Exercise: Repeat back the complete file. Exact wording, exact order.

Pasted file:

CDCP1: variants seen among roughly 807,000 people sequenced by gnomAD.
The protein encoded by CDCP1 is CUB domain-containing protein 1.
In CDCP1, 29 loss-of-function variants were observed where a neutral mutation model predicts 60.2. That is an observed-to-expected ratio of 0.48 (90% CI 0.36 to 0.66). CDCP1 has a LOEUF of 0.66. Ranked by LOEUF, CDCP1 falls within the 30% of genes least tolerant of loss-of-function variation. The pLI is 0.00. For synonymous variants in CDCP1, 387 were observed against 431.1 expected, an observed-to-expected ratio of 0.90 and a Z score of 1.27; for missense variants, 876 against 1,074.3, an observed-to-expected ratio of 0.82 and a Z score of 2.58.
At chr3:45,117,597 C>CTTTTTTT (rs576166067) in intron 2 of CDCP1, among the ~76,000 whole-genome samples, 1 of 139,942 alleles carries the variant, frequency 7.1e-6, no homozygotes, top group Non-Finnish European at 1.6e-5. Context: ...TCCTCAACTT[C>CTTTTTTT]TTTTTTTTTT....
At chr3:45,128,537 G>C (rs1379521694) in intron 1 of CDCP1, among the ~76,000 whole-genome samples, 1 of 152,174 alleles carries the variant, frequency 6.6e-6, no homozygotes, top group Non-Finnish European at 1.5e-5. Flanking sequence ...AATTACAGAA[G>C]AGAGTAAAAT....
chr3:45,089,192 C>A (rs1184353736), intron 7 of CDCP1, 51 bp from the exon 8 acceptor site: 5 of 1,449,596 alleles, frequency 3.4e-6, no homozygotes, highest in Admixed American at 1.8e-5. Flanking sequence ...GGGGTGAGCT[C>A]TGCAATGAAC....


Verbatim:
CDCP1: variants seen among roughly 807,000 people sequenced by gnomAD.
The protein encoded by CDCP1 is CUB domain-containing protein 1.
In CDCP1, 29 loss-of-function variants were observed where a neutral mutation model predicts 60.2. That is an observed-to-expected ratio of 0.48 (90% CI 0.36 to 0.66). CDCP1 has a LOEUF of 0.66. Ranked by LOEUF, CDCP1 falls within the 30% of genes least tolerant of loss-of-function variation. The pLI is 0.00. For synonymous variants in CDCP1, 387 were observed against 431.1 expected, an observed-to-expected ratio of 0.90 and a Z score of 1.27; for missense variants, 876 against 1,074.3, an observed-to-expected ratio of 0.82 and a Z score of 2.58.
At chr3:45,117,597 C>CTTTTTTT (rs576166067) in intron 2 of CDCP1, among the ~76,000 whole-genome samples, 1 of 139,942 alleles carries the variant, frequency 7.1e-6, no homozygotes, top group Non-Finnish European at 1.6e-5. Context: ...TCCTCAACTT[C>CTTTTTTT]TTTTTTTTTT....
At chr3:45,128,537 G>C (rs1379521694) in intron 1 of CDCP1, among the ~76,000 whole-genome samples, 1 of 152,174 alleles carries the variant, frequency 6.6e-6, no homozygotes, top group Non-Finnish European at 1.5e-5. Flanking sequence ...AATTACAGAA[G>C]AGAGTAAAAT....
chr3:45,089,192 C>A (rs1184353736), intron 7 of CDCP1, 51 bp from the exon 8 acceptor site: 5 of 1,449,596 alleles, frequency 3.4e-6, no homozygotes, highest in Admixed American at 1.8e-5. Flanking sequence ...GGGGTGAGCT[C>A]TGCAATGAAC....